• It’s damned hard, let me tell you…. Of course I have my beloved with me, and he only needs me. But I want more women in my life, so I will continue to try and connect. For us, we will continue to lose people and have lost many. I need people because I realize the restriction and know that one of us will most likely go without the other and I have no one here to help. If that happens and it’s me that’s left. I will most likely come back to Ithaca, unless my life significantly changes here and so will Richard/Buck if he’s the one. For now, I will try to continue with finding people and see where that leaves me now that I am able to move again. But also, I know I am happy being alone a lot. So, I don’t need a million people who are charitable to me. Just a few that truly care about me and who I am as a human being.

        • I love life’s synchronicities. I just put the finishing touches on a blog about Baby David’s baptism in 1971 when you and Richard became his godparents. The blog goes up at my website today. I used great photos of the occasion, including a few sweet ones of you and Richard with David. As I worked on this piece this week, I thought about those days and times and our old friendship. After I scheduled the blog, I looked at new comments and found one from you.

          I wrote this post about my wedding ring four years ago, so grief has eased in some ways–but not all ways. I miss Vic and still feel deeply connected to him. I think that will always be the case. Today would have been his 76th birthday, so I’m thinking of him more than usual. I also need friendship, particularly with women, and continue to find new connections through writing and hospice work. I’m sure you’ll find people you love in Boulder. Rumor has it you’ll visit Ithaca this summer. I look forward to seeing you.

  2. Why does this blog make me cry? Maybe it is something about your (all of our) vulnerability that brings the tears. Or perhaps it is the profound shared love you express. Whatever it is, it is very tender.
    It is striking how one small strip of silver imbued with your thoughts can bring solace. What power in thought.
    I love the transition from finger to altar to wearing it near your heart. Beautiful. You certainly are finding a new balance.
    My wedding ring looks like a Mayan temple posing as a ring! An old mutual friend of ours made it. It has the steps of a pyramid and my grandmother’s diamond sits nestled on top in between symbols that are common to both the Mayans and the Tibetans, two cultures that Chuck and I are close to. On the underside is a small glyph which is the center of the Mayan calendar and it means ‘movement’. To me the symbol of change. Like the dancing Siva, incorporating destruction and creation, life is always in motion as the cosmos circles in the eternal movement of our existence.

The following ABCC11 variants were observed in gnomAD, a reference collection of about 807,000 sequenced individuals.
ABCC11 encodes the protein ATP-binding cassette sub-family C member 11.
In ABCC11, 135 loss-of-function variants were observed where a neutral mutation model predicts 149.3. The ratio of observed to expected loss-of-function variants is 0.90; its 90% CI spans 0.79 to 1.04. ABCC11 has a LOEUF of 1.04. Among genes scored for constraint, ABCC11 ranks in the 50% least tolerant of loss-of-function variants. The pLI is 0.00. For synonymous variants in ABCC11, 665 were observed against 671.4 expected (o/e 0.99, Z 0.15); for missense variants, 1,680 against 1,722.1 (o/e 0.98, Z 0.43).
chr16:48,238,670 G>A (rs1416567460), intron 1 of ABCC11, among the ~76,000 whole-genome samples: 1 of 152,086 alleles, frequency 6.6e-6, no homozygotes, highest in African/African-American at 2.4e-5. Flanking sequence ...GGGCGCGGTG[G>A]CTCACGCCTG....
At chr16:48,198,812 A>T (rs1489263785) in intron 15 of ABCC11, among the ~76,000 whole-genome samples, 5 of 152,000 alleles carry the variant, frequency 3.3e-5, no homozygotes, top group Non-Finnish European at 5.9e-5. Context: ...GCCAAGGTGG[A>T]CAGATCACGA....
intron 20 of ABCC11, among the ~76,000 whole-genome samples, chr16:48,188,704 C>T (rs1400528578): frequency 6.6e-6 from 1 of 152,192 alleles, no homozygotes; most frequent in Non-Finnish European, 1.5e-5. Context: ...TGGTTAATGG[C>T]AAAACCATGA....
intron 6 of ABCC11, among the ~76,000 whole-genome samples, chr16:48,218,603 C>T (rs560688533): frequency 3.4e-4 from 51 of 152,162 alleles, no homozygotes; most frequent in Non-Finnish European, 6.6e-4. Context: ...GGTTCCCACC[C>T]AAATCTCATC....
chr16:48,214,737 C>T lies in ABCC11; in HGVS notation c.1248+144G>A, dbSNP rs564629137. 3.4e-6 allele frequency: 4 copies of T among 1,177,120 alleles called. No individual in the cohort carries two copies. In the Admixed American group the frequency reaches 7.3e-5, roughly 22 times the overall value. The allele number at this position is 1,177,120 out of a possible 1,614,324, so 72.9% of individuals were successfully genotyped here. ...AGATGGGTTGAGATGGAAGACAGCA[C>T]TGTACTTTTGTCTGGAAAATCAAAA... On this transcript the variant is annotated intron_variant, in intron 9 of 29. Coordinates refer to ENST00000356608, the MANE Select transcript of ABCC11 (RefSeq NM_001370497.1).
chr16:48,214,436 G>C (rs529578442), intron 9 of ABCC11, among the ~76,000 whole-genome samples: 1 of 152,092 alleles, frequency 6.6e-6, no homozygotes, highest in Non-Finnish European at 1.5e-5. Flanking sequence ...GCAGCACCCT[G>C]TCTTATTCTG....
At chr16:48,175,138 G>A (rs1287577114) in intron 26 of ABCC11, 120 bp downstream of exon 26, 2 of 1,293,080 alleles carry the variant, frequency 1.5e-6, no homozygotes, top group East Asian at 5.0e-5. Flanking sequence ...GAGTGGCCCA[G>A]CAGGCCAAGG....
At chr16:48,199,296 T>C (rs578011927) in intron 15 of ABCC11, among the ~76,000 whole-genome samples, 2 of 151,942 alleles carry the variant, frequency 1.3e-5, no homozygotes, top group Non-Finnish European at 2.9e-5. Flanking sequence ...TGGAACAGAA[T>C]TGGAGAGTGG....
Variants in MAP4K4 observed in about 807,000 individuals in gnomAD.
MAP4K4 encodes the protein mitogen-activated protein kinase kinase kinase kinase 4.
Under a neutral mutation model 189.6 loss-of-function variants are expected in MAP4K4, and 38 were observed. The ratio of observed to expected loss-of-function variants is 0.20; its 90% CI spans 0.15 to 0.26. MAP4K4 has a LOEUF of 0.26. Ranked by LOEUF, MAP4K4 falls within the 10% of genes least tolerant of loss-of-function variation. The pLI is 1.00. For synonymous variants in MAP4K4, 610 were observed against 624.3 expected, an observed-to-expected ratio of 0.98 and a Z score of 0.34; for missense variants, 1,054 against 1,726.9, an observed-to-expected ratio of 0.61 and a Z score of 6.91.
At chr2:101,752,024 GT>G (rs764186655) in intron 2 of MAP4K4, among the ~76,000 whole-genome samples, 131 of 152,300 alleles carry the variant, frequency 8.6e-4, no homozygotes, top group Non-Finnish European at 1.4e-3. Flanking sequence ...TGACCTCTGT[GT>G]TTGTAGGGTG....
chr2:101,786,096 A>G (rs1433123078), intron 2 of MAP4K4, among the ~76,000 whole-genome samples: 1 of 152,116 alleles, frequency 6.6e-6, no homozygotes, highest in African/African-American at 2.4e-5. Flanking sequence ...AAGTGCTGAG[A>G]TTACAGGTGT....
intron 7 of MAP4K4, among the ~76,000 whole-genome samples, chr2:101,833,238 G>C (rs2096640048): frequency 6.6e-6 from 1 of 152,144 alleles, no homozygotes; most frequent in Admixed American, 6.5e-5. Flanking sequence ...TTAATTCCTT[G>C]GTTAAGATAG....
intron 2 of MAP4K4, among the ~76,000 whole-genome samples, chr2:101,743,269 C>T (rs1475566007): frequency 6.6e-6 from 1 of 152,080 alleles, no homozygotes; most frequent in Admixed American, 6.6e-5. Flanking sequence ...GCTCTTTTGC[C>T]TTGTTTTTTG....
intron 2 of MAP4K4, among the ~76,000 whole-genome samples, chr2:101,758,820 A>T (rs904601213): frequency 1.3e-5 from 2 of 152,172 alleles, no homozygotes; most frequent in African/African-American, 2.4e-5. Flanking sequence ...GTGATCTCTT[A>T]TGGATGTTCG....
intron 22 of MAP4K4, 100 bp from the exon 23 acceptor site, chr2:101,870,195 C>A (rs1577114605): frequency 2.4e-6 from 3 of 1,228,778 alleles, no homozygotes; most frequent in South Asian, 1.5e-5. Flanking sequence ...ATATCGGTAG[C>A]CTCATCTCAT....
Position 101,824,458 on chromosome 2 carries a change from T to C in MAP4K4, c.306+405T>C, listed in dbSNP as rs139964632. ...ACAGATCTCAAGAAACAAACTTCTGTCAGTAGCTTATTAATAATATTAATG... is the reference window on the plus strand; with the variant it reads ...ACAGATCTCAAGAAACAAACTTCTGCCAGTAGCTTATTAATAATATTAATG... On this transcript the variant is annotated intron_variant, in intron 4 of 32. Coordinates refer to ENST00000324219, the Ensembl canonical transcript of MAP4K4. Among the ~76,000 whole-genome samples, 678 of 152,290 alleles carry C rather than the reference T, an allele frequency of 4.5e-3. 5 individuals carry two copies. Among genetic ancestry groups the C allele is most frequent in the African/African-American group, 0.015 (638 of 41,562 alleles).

We like creation and often don’t want to see the face of destruction or dissolutions. Thank you Elaine for putting heartfelt words to this face as you lean into the bitting wind of powerful change. It is one of your great strengths. Your transform its power into a loving exchange with all of us.

    • I love hearing your description of your wedding ring and the “movement” glyph. Yes, all in movement, all in a process of change, coming and going. And I hold dearly on my altar and wear the bracelet you made for me for those first 49 days saying, “Death. Honor it’s power to give/take.” And so it is–change, vulnerability, birth, dissolution, life, death, and Love that holds it all.

  3. Elaine, it was good to learn about your relationship with your wedding ring after Vic’s death. I haven’t tried to take mine off yet (it’s been almost two years), and I don’t know if I will. I don’t wear much jewelry, but this ring just feels like part of me.

    Thank you again, for your beautiful writing.


    • Lynne, a few years back it felt right to say to myself and the world that I was no longer married. After nearly five years, I still feel inwardly close to Vic and my wedding ring is the best symbol of the loving mutual support we shared. I needed that support recently. I imagine I’ll take the wedding ring off the chain at some point and put it back on my altar. But who knows? Thanks for telling me that your ring feels like part of you. I get it.